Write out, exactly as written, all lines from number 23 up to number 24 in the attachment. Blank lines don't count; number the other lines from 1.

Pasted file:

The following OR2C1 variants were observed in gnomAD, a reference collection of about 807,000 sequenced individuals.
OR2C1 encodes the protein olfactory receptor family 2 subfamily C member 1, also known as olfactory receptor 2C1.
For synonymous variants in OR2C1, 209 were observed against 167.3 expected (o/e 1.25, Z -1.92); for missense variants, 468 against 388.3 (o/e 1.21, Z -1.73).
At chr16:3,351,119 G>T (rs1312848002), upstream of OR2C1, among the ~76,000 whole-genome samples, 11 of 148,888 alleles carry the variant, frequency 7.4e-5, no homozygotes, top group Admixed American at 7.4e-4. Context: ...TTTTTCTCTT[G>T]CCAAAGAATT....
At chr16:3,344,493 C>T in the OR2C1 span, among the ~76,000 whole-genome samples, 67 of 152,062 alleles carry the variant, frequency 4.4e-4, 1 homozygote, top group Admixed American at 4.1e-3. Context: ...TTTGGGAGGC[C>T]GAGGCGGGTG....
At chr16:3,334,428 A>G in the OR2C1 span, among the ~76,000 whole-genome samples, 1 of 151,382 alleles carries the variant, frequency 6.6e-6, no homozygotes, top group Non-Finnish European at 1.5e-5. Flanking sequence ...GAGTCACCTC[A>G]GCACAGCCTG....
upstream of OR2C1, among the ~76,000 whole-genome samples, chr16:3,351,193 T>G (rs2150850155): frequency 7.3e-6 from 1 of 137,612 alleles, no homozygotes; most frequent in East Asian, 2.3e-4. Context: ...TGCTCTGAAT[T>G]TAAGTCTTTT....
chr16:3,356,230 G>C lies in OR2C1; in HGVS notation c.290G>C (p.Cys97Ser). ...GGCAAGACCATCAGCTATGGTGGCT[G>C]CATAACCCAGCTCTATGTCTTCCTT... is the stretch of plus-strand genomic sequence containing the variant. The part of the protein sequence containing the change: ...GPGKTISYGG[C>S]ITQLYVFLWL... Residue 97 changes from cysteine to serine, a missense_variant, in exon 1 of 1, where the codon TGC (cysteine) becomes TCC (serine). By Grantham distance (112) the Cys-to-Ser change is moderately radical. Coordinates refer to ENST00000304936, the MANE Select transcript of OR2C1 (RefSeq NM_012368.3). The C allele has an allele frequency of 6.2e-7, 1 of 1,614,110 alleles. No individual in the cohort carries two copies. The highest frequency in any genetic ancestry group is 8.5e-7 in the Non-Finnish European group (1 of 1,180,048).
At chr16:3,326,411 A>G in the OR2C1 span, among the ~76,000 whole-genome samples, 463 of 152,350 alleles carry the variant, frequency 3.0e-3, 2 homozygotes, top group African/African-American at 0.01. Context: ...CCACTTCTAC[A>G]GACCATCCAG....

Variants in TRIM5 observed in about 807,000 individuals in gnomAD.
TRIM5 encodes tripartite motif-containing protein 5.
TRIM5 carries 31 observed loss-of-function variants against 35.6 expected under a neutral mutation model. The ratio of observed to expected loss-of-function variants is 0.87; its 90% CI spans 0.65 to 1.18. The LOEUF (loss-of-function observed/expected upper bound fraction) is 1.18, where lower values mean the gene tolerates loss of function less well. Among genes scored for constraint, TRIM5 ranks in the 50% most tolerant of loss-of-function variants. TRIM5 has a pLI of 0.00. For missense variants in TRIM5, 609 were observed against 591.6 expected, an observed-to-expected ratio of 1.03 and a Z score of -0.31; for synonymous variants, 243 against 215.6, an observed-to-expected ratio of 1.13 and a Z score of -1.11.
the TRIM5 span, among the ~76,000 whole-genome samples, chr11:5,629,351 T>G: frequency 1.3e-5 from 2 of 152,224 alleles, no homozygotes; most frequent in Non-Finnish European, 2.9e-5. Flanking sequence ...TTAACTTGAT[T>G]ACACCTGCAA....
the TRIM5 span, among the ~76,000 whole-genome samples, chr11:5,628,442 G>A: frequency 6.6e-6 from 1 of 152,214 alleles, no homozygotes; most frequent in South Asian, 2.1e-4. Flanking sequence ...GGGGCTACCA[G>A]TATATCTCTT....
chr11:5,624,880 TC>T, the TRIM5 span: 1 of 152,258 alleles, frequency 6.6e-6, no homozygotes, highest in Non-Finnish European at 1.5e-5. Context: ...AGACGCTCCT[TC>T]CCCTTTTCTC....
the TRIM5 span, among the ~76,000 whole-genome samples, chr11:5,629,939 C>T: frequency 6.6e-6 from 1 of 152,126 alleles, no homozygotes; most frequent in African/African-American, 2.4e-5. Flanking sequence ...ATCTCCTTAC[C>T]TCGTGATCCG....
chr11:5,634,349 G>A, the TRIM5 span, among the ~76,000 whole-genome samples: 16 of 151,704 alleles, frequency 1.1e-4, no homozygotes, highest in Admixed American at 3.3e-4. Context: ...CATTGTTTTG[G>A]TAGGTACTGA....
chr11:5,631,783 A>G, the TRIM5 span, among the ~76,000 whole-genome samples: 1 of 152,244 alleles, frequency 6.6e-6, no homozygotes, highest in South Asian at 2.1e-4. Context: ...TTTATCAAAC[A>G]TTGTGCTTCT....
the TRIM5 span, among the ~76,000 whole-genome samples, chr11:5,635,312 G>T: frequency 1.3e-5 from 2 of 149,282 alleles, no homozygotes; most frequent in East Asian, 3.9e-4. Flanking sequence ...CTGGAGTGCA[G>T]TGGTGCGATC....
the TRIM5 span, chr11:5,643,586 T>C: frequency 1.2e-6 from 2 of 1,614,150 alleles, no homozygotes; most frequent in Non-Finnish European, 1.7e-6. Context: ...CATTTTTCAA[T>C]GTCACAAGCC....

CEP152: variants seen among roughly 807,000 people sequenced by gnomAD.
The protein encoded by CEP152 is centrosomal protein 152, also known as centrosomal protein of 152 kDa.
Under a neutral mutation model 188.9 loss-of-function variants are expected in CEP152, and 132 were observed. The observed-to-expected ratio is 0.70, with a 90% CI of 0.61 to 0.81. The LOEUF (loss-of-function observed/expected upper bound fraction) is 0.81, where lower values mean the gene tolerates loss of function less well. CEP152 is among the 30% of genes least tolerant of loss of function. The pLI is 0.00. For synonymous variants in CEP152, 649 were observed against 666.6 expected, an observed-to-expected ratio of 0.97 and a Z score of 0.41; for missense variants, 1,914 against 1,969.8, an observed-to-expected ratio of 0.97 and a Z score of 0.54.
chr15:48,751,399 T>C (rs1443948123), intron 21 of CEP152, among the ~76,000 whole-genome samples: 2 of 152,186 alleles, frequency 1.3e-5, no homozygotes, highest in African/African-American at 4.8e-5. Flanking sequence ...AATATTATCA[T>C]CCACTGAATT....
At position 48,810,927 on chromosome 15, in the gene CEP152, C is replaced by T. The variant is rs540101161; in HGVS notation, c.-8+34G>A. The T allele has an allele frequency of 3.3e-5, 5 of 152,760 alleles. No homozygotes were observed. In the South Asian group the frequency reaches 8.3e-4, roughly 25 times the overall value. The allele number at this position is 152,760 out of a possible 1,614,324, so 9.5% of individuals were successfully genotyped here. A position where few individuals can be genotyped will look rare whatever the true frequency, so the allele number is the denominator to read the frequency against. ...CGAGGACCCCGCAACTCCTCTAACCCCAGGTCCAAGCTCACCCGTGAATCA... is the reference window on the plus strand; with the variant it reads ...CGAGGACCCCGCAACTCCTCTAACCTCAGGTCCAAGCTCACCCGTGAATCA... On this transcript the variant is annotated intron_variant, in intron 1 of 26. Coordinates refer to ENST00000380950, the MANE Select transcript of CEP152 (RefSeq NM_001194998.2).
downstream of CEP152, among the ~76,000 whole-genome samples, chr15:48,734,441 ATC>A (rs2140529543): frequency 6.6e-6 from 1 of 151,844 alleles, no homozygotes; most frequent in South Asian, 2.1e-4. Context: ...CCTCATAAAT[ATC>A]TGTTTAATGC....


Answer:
Under a neutral mutation model 188.9 loss-of-function variants are expected in CEP152, and 132 were observed. The observed-to-expected ratio is 0.70, with a 90% CI of 0.61 to 0.81. The LOEUF (loss-of-function observed/expected upper bound fraction) is 0.81, where lower values mean the gene tolerates loss of function less well. CEP152 is among the 30% of genes least tolerant of loss of function. The pLI is 0.00. For synonymous variants in CEP152, 649 were observed against 666.6 expected, an observed-to-expected ratio of 0.97 and a Z score of 0.41; for missense variants, 1,914 against 1,969.8, an observed-to-expected ratio of 0.97 and a Z score of 0.54.
chr15:48,751,399 T>C (rs1443948123), intron 21 of CEP152, among the ~76,000 whole-genome samples: 2 of 152,186 alleles, frequency 1.3e-5, no homozygotes, highest in African/African-American at 4.8e-5. Flanking sequence ...AATATTATCA[T>C]CCACTGAATT....